Whereas Tony Stark/Stark/Iron Man is mentioned more than 50 times in Spider-Man Homecoming, Avengers mentioned 12 times. (https://www.springfieldspringfield.c...man-homecoming)

    The fact is that a Shared Universe was a fun and cool thing to play around in and it can work that way, but only if it serves the individual stories and characters first and foremost, and if each corner of the Marvel Universe can work independently.

    Like take Jason Aaron's run on Thor, and a story like Gorr the God Butcher. That story doesn't really refer to stuff outside Thor's corner and it works largely within it. A villain like Gorr who challenges Thor's entire identity and values really needs Thor by himself (and his future and past selves, and his potential grand-daughters) to work.

    What matters is how they're written.
    On that I agree. I mean ultimately good writers and artists can make things work.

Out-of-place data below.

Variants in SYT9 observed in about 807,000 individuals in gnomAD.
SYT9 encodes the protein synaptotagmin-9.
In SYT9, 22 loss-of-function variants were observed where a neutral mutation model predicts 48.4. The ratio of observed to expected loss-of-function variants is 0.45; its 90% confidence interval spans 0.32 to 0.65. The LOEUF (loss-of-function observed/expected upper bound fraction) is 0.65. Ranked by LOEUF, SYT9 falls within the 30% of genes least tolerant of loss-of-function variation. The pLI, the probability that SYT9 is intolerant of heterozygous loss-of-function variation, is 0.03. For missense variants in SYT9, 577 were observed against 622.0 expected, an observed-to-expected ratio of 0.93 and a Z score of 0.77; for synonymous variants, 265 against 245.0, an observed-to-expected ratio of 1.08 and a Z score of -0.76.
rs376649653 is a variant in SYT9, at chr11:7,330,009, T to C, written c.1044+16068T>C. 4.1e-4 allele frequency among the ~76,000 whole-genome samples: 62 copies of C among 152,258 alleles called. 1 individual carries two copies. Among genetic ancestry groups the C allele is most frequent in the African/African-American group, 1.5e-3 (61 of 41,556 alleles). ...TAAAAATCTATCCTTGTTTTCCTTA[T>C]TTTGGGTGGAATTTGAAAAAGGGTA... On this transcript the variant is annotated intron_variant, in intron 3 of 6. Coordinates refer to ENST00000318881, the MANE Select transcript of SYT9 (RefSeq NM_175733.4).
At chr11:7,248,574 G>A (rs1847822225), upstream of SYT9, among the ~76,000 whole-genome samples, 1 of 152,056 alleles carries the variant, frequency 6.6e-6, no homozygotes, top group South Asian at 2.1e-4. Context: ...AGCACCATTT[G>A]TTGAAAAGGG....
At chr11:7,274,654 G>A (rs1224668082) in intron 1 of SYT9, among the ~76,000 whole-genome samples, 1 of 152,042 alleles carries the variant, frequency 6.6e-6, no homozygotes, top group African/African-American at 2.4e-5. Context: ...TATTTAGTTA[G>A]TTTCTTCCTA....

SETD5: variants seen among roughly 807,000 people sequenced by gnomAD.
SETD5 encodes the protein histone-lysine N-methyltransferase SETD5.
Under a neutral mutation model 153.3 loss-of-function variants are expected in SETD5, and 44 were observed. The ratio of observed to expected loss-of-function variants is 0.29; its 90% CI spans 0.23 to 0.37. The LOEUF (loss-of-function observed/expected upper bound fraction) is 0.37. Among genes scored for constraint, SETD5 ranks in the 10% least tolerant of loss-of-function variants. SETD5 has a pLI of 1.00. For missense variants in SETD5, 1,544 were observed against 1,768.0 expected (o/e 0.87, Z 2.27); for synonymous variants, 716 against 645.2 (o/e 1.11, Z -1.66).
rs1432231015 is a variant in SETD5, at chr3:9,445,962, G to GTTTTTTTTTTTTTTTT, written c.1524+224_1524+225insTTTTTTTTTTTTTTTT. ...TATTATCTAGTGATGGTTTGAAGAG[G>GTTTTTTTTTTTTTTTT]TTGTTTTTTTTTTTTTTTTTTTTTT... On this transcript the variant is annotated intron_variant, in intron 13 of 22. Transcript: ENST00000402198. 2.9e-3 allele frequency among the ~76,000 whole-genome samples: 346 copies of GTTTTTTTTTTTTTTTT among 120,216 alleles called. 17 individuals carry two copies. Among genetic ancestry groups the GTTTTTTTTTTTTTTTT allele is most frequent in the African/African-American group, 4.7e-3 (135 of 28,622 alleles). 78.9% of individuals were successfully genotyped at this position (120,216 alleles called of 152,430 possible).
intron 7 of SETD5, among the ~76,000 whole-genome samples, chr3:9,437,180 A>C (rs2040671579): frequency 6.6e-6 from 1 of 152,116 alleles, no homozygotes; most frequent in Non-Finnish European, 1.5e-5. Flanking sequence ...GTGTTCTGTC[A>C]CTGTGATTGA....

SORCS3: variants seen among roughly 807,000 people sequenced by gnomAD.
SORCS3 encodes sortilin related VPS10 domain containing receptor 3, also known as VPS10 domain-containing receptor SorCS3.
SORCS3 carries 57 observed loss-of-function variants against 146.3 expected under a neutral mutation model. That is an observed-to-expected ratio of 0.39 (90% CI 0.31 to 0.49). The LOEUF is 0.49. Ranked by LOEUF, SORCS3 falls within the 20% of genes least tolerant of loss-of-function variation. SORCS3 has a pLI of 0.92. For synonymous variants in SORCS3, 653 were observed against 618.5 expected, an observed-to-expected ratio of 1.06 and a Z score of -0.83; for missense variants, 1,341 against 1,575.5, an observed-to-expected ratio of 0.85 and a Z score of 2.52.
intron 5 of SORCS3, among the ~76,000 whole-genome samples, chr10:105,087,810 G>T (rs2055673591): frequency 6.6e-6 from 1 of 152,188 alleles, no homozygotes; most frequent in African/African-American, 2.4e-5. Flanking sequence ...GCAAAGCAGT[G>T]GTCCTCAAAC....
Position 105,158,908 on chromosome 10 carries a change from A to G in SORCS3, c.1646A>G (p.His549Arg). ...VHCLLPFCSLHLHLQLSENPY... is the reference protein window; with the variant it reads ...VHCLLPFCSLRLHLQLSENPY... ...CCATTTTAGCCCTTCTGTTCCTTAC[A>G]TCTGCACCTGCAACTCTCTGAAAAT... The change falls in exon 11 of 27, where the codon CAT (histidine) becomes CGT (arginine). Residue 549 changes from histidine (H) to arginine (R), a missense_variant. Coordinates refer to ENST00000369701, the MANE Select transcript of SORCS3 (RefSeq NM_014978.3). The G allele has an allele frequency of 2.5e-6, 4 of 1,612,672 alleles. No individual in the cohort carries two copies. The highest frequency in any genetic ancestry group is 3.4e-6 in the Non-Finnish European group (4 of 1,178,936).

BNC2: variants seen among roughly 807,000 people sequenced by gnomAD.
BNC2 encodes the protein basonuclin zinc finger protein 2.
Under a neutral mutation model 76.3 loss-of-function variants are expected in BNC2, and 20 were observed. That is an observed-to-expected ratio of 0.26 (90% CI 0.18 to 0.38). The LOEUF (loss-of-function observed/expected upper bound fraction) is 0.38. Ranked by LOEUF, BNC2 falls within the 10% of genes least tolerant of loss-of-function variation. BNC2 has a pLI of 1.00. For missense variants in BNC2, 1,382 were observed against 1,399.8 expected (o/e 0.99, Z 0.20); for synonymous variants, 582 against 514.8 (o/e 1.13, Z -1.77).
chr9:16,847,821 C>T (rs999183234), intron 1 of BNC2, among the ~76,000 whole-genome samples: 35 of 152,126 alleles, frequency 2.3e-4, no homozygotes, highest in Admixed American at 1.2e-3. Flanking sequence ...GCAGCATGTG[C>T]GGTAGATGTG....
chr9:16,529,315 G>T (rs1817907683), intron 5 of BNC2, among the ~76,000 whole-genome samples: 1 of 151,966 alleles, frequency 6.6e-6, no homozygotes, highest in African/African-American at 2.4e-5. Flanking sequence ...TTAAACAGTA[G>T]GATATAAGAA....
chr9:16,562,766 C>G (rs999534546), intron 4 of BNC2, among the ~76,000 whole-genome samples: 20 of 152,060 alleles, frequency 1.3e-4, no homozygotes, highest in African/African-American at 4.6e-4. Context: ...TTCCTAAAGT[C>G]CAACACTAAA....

Last edited by Revolutionary_Jack; 01-15-2020 at 08:17 PM.

  2. #47
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    The biggest embodiment of this is the "below my pay-grade" line in Homecoming. Obviously you need to justify why Tony Stark doesn't go after the Vulture or take care of all villains since otherwise there won't be stories to tell for any other hero. But there are more elegant ways to go about doing it.
    You wouldn't bring in the special forces to deal with a cat burglar. Why would you call in a guy that typically deals with alien invaders or terrorists to deal with simple gun runners? It's like bringing cannons to kill flies.
    Last edited by Agent Z; 01-15-2020 at 09:22 PM.

  3. #48
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    Quote Originally Posted by Revolutionary_Jack View Post
    But it's central to most of Spider-Man's best stories. I mean read The Master Planner Saga, there's not a single mention or reference, that I am aware of, to any other hero in the Marvel Universe in that story. Nor in The Night Gwen Stacy Died. KLH...well there's one mention of Captain America when Kraven talks about beating Vermin who neither Peter nor Cap beat mano-e-mano...but that's fairly minor.